The sounds and music are directly culled from all the Gundam properties represented, and some themes have remixes that draw heavily on electronica and synth. Some are pretty good, like the remix of Sasso-taru CHAR (i.e. - Gallant Char in English), others my opinion a bit more mixed on, but the option to upload custom music and reassign music in the game options can mitigate this for tracks the player may not like. The actual quality of the music is quite good, though some music is culled from older SD Gundam titles. Admittedly, they generally picked some of the better tracks to reuse. The game is controlled either by the keyboard, any PC Gamepad compatible with Steam (which I recommend), or the Steam Deck controls if played on that. In all cases, the controls are responsive and functional, and the default key assignments are more than acceptable for the latter two options.

I do have some criticisms that are unavoidable. First, there is no ability to pause the game in levels. Since the single-player and multiplayer share the same basic mechanics, this was likely done to streamline development. Further, levels tend to be rather short. This is annoying in single-player mode should the player need to pause for any reason. Also, while there is a Premium Music DLC (with vocalized versions of in-game instrumental music), it is unavailable in the PC version on Steam. This is mitigated by the ability to import custom music tracks at the discretion of the player, so this is a more minor issue. Finally, this game had a somewhat small development cycle, and aspects of the plot show this, with a very small amount of mechs playable, many relegated to cutscenes only, and certain stories were adapted missing or greatly abbreviating key elements. While it is likely this will improve in any sequels, it will disappoint Gundam fans expecting a lot more on many levels.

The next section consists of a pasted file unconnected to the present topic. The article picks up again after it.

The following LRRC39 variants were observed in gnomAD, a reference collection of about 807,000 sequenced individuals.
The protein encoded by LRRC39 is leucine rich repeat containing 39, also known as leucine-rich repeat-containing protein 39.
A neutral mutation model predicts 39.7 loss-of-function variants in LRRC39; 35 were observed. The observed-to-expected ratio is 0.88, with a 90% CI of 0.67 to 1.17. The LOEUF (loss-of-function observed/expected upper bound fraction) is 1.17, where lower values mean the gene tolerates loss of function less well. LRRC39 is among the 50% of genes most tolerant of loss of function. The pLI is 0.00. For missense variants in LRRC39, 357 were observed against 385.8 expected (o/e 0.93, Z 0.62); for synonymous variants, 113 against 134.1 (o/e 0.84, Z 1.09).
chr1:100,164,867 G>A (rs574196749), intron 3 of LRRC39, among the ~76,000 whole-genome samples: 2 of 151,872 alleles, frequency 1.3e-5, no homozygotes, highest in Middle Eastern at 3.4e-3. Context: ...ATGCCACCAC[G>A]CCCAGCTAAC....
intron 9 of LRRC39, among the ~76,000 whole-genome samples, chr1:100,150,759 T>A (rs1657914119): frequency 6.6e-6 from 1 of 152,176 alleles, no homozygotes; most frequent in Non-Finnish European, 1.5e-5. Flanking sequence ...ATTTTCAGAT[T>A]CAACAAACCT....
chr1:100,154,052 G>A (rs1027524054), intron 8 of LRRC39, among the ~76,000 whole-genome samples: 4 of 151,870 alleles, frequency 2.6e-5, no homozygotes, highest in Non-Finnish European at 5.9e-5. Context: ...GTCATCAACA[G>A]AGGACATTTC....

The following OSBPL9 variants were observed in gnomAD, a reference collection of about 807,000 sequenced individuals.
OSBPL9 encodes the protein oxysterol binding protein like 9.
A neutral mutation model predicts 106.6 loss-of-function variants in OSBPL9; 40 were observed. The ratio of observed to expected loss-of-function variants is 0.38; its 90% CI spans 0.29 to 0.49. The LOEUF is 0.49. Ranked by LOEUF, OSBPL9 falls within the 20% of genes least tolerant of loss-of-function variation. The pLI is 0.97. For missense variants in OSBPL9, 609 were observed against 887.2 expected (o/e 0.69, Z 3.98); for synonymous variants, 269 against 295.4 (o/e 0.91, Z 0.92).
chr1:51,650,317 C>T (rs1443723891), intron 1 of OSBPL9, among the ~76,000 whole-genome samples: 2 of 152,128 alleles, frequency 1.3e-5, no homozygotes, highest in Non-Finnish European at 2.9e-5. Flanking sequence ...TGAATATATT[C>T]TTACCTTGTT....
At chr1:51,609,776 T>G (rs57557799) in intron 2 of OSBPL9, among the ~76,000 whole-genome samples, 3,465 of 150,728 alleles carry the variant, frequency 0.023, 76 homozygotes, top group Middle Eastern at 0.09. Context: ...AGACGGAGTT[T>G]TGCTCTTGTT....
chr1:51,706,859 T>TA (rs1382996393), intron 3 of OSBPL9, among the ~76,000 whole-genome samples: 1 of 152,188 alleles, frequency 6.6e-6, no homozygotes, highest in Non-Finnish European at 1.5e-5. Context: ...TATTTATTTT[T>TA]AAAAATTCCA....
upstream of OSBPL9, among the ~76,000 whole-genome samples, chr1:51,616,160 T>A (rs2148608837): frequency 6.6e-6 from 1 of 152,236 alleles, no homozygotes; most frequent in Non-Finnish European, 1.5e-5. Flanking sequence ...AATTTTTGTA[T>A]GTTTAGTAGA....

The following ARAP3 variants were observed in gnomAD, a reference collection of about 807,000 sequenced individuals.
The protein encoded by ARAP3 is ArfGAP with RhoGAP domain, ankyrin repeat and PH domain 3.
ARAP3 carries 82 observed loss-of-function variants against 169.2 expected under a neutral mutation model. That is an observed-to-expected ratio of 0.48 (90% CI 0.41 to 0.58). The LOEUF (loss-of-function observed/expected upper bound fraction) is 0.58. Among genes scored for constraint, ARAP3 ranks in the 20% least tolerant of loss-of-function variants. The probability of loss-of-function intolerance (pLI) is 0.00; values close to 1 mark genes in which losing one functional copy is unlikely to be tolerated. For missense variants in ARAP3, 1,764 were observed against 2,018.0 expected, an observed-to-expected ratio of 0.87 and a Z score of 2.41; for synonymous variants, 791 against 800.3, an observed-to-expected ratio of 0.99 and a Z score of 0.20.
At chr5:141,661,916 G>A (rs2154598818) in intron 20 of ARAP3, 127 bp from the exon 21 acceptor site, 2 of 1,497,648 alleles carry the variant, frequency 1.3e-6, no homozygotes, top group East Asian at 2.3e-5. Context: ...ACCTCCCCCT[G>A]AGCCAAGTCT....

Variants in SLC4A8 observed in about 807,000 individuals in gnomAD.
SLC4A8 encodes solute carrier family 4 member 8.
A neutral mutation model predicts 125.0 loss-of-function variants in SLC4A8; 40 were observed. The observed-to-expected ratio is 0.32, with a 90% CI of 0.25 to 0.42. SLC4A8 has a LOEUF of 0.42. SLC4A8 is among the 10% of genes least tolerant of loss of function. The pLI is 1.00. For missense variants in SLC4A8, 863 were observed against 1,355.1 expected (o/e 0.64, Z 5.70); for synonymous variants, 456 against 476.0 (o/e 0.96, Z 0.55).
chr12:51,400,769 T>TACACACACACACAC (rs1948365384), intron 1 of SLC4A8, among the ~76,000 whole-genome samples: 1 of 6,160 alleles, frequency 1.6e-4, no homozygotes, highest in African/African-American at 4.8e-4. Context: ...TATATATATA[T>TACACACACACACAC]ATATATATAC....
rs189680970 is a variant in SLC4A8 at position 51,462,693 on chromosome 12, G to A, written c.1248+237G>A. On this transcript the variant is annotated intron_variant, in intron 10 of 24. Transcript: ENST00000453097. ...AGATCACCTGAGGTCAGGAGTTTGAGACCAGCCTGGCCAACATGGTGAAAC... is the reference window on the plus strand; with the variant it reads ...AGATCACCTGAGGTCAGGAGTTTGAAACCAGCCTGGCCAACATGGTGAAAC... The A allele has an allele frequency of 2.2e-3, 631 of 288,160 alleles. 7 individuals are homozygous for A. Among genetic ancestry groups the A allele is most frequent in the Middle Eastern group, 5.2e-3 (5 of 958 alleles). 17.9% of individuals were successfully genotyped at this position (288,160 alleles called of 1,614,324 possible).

Stability I am pleased to say is incredibly solid. The game uses the latest Unreal Engine and is very well optimized, running perfectly on any Windows PC, and able to meet its requirements. It will run on Linux under Proton as well and despite not being confirmed to work on the Steam Deck, it works flawlessly with no needed tweaks on the Deck with native performance. There is an online cooperative element that works well, with up to two other players being able to assist you as opposed to the AI in missions. This is generally well-implemented and works well provided you have a stable connection, though single-player is still completely viable. Local multiplayer, unfortunately, does not seem to be supported.